Questioning Faith

When I was 3 years old, I loved going to church. Mass was held at Assumption Grotto, in Detroit. The church was majestic with its Gothic architecture. It boasted beautiful statues and stained glass images that captivated me. I studied the Stations of the Cross and felt sad as my mom and dad explained how Jesus died. I was a bit traumatized the first time my dad went to communion as I thought he was leaving us. Even though I couldn’t grasp the entire message, church was one of the highlights of my week. I loved Jesus. I loved God.

That love grew as I entered kindergarten. Sister Mary, a nun, taught us. She lived at the convent and explained that she was married to Christ. I decided that I was going to marry Christ, as well, although I couldn’t understand how He could have so many brides. Nonetheless, I practiced by putting a towel over my hair, like a habit.

That summer, we moved to California. I was not happy to be leaving Detroit, my house or church. My mom and dad assured me that California had churches too. That made me feel a little better, until we attended mass. It was nothing like Assumption Grotto. To make matters worse, my parents enrolled me in public school. I wouldn’t be going to church every day.

My parents went to mass on Sunday. I went to school so that I could make my First Communion. Many of the kids in my class also went to parochial school and I was treated like an outsider. I begged my mom and dad to let me return to church after I made my First Communion. They let me.

Meanwhile, I made friends in public school. My best friend went to another church. I also met kids who didn’t go. One Saturday night, I slept over at a friend’s house and was surprised that she didn’t go to church. I asked her how she talked to God. She said that she didn’t believe in God. I asked her if she was afraid of going to the Devil. She replied that she didn’t believe in that either. When my dad came to pick me up, I asked him if I could still be friends with her because even though she didn’t believe, she was nice. He assured me that I could. I was relieved.

Over the next three years, i realized that even though i still loved God, I no longer wanted to marry Him. Part of that had to do with the fact that many people in my life who didn’t believe were nicer than those who did. The hypocrisy confused me. My dad stated that going to church didn’t make a person good anymore than not going made a person bad. I asked him about God and he responded that it took all kinds of people. I realize now, he was practicing respect.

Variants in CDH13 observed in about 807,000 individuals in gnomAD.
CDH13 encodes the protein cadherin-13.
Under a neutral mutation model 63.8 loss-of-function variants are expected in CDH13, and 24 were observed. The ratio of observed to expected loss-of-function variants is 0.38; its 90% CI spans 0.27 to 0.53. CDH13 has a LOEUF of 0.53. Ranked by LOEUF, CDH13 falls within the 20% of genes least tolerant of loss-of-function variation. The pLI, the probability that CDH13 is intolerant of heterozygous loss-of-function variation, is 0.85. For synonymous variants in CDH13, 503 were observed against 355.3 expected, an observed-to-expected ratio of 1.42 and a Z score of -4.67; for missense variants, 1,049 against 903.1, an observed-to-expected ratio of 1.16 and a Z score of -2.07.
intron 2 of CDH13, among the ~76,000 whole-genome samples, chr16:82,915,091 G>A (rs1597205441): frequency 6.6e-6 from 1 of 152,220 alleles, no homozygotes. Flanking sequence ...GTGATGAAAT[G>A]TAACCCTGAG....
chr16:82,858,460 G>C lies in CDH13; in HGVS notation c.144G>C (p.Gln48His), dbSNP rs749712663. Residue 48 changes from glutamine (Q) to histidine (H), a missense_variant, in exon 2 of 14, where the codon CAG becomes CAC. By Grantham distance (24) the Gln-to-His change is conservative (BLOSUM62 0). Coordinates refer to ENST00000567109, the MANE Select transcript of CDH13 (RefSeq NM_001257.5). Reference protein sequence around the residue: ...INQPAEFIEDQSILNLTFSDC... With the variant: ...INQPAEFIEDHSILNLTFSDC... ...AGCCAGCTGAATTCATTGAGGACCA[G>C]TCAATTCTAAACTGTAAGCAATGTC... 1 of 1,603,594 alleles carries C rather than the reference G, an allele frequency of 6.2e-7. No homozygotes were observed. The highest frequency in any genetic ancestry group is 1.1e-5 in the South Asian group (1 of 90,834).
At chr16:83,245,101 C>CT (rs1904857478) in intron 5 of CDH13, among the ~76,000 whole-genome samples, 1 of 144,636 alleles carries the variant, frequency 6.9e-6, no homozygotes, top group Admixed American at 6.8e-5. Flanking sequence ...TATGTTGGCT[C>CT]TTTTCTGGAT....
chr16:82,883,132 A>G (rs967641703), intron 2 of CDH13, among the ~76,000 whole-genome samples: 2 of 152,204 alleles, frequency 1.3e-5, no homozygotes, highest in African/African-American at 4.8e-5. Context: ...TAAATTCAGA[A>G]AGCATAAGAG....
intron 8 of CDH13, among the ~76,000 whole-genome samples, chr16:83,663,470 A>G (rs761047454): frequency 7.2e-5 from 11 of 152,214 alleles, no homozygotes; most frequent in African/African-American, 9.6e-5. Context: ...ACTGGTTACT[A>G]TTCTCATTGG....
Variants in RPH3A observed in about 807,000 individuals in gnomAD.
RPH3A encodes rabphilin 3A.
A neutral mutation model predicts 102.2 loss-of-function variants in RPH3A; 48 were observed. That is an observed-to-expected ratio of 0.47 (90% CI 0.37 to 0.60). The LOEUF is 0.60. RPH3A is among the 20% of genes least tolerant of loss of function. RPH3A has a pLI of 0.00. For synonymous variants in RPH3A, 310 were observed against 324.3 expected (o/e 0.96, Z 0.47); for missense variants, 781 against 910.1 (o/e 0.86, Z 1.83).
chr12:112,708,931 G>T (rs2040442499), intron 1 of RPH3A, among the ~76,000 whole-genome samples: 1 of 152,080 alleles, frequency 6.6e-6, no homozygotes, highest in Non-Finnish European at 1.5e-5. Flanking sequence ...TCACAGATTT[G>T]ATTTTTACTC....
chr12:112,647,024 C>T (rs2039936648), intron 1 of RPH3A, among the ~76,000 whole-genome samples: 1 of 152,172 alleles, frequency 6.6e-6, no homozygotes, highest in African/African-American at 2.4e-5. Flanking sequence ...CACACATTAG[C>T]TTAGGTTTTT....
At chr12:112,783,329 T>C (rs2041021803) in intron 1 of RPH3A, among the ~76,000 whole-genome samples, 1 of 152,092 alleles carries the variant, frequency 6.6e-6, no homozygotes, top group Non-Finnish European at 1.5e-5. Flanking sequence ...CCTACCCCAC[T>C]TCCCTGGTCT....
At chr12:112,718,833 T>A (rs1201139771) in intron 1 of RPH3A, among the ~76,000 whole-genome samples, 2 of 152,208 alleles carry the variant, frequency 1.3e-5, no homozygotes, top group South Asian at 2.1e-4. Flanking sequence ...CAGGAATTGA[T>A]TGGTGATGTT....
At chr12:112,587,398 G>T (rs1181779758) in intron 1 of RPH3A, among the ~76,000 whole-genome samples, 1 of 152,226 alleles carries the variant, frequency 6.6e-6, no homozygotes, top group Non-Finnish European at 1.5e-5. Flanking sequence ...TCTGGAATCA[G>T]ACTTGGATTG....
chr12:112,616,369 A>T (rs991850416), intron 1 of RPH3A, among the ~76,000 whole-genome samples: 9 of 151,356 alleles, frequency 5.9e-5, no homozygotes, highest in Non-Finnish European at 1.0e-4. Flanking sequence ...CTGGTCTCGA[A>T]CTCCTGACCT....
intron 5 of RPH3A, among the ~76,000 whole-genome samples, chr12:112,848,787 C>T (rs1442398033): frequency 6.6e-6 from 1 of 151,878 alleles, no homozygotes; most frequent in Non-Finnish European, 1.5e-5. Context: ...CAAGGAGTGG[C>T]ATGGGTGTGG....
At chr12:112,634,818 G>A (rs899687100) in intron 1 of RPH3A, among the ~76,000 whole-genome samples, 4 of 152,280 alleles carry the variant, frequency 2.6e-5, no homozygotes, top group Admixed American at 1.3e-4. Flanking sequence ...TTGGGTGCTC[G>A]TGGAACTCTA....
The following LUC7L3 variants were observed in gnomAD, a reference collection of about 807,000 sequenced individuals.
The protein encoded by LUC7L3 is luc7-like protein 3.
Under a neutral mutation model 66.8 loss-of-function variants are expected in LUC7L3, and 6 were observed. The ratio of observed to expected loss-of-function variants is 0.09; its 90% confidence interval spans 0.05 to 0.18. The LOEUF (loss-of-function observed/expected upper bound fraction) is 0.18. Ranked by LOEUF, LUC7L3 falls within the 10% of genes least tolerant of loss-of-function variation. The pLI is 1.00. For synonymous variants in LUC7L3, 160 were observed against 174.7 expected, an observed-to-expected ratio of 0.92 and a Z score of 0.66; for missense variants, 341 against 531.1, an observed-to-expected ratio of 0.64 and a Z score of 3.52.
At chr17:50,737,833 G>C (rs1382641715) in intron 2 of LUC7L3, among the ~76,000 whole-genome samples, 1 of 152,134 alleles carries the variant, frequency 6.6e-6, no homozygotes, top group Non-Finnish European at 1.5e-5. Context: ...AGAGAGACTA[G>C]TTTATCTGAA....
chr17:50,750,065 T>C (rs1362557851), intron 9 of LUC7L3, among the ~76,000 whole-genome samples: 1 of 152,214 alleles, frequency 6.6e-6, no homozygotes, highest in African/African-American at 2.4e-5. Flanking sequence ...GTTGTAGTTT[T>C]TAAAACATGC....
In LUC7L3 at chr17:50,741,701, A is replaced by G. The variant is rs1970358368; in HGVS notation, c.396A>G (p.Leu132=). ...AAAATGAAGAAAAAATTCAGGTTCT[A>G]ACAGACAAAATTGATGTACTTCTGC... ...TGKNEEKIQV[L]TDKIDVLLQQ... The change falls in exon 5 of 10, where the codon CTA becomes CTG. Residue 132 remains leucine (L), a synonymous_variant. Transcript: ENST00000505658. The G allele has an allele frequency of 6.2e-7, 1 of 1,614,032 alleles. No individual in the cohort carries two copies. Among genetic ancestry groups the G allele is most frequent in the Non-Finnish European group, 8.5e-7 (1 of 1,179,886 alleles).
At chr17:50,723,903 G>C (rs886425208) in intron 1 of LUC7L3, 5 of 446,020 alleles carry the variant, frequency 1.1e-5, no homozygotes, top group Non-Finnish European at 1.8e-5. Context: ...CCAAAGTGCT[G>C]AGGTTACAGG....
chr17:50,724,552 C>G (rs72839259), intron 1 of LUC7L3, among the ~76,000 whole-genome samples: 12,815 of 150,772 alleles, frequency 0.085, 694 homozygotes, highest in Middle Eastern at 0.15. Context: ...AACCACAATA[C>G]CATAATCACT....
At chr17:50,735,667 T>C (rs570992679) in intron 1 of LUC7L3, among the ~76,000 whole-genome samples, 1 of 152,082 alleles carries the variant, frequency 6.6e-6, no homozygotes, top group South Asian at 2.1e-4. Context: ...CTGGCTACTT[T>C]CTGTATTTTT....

I also learned how true his words were.

The night before we moved from California back to Michigan, my best friend Rick told me that his cat wanted to say goodbye. Instead of his cat, I found Rick’s hand gripping the back of my neck and his voice hissing that he could kill me. He quickly backtracked and said that he didnt want me to move. I slept with my eyes open and repeatedly asked God how He could let this happen. My faith was shattered.

We moved to the same town as my dad’s family and went to the same church. I was apathetic. My grandpa, aunts and uncles were heavily involved. Many times the priests would come to my grandpa’s parties and leave drunk. Parishioners would make fun of other parishioners, right in church. I prayed to God to make it stop. It didn’t. That along with what happened with Rick caused me to question why God would allow things to happen and voice my displeasure. My aunt told me I was earning a ticket to Hell. My retort was, “some like it hot.”

Over the past three and a half decades, I’ve coped with various methods of self-abuse. With each method, I’ve challenged God to stop me, to grant me peace. Peace never came. My most recent battle has been with alcohol. In the past 10 years, I have been drinking or drunk nearly every day, with the exception of two 29 day periods of sobriety, this being the second one, and one 11 day period. Many times I broke down and prayed and even went to annointings, with no results.